Guest Opinions

Did Statesman story show us the real Ammon Bundy and his family? No, it didn’t.

Pat Finnegan
Pat Finnegan

I was disappointed in the recent article about the Bundy family by Nicole Blanchard. Although diverse opinions are expressed, readers are led to believe the Bundys’ behavior is merely the exercise of free speech; whereas, I believe, the Bundys’ actions are nothing but domestic terrorism.

After a career in law enforcement and retiring as a special agent with the U.S. Forest Service during late 2014, I am immensely proud of our federal lands and the dedicated employees who work to protect and manage them. However, as a law enforcement professional, second only to public safety, fair treatment of all people pursuant to the U.S. Constitution is paramount.

While Bundy seems to accept portions of the U.S. Constitution, he ignores critical components therein. The Property and Supremacy Clauses of this powerful document provide ample authority for federal ownership and administration of lands. In addition, our Constitution grants authority to the U.S. Congress to enact specific laws that authorize and direct federal agencies to manage and regulate the use of lands and natural resources within their respective jurisdictions. Further, the state constitutions of Nevada, Oregon and Idaho contain clear language to disclaim any right or title to federal lands within their boundaries.

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Ammon Bundy led an armed takeover of a federal wildlife refuge in Oregon in 2016. Kelsey Grey kgrey@idahostatesman.com

The 2014 Bundy standoff involved the lawful and necessary removal of cattle owned by Ammon’s father, Cliven Bundy, from BLM lands, pursuant to Bundy’s failure to pay grazing fees, and other offenses. That the cattle were unauthorized to graze BLM land, and that Cliven Bundy remains unaccountable to American taxpayers for the damage his cattle caused to public rangelands remains undisputed.

With respect to his grazing trespasses, federal courts consistently, completely and correctly ruled against Bundy. Pursuant to the roundup of Bundy’s trespass cattle, the armed standoff — whereby Ammon, his brother Ryan and Cliven Bundy summoned armed supporters who terrorized the local community, interfered with the lawful duties of federal officials and threatened their safety — constitutes a cascade of wanton criminal acts.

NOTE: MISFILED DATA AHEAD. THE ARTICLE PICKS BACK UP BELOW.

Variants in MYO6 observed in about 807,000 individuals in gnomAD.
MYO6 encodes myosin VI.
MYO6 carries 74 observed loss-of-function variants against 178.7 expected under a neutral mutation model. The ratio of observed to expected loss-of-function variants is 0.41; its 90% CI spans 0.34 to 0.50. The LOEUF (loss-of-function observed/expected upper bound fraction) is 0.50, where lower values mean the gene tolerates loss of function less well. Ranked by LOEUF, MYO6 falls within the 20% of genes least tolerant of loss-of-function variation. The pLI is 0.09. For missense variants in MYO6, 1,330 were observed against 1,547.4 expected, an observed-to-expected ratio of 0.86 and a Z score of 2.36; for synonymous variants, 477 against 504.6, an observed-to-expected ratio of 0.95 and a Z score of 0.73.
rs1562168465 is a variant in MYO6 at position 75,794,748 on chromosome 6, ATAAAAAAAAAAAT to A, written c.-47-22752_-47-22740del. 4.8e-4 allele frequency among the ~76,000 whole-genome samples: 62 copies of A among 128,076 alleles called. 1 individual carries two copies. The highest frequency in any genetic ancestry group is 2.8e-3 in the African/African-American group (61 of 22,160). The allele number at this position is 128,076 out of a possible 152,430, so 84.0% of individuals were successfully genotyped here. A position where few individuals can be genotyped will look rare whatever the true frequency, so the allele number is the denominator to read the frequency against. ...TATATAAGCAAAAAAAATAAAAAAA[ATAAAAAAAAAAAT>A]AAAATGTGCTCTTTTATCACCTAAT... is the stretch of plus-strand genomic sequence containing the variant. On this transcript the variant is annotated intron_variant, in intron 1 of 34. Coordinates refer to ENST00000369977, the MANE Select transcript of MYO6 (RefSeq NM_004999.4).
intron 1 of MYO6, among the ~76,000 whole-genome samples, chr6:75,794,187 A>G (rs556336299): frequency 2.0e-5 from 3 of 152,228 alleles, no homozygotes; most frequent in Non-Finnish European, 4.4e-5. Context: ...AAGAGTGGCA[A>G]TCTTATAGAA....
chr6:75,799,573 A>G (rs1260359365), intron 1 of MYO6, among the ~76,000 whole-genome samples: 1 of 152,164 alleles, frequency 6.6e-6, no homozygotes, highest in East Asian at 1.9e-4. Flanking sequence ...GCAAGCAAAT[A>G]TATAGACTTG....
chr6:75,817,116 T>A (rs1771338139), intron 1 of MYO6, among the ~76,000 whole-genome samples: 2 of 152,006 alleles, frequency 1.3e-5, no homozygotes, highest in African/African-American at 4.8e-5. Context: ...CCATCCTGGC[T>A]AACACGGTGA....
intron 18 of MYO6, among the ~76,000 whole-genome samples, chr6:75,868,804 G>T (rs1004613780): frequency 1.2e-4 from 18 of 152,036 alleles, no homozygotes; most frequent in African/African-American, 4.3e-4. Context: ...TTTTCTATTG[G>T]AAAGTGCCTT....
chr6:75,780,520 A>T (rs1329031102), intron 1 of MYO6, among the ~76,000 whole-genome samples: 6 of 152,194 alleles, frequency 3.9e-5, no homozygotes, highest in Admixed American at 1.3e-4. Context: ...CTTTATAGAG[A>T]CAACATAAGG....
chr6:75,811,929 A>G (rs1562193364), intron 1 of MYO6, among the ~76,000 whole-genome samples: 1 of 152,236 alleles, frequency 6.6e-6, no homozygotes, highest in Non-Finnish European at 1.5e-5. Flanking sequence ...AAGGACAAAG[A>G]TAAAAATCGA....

After efforts by the BLM to de-escalate the violence in Nevada, Ryan and Ammon Bundy incited the armed takeover of the Malheur Wildlife Refuge in Oregon during 2016. Government officials and the public were threatened with violence, Native American heritage sites were desecrated, and federal property was damaged and destroyed.

Subsequent errors by judges and alleged mistakes by prosecutors and investigators that freed the Bundys of consequence did not diminish the seriousness of their offenses or vindicate them. They and their supporters remain freeloading domestic terrorists who intimidated, threatened and harassed Americans, while their cattle continued to damage public rangelands and armed occupiers destroyed American property at taxpayer expense.

The article portrays Ammon Bundy and his supporters as another group of friendly Americans with anomalous opinions. However, the Bundys have proved that they will incite, justify and participate in violent, illegal acts. If we Idahoans don’t learn from history that the rhetoric of Ammon Bundy and his followers might incite the next Timothy McVeigh to wreak violence on good Americans, shame on us.

Pat Finnegan, of Grangeville, is a retired U.S. Forest Service criminal investigator and currently the principal investigator and consultant with Bluwater Solutions LLC, a private investigation business dedicated to natural resource protection.
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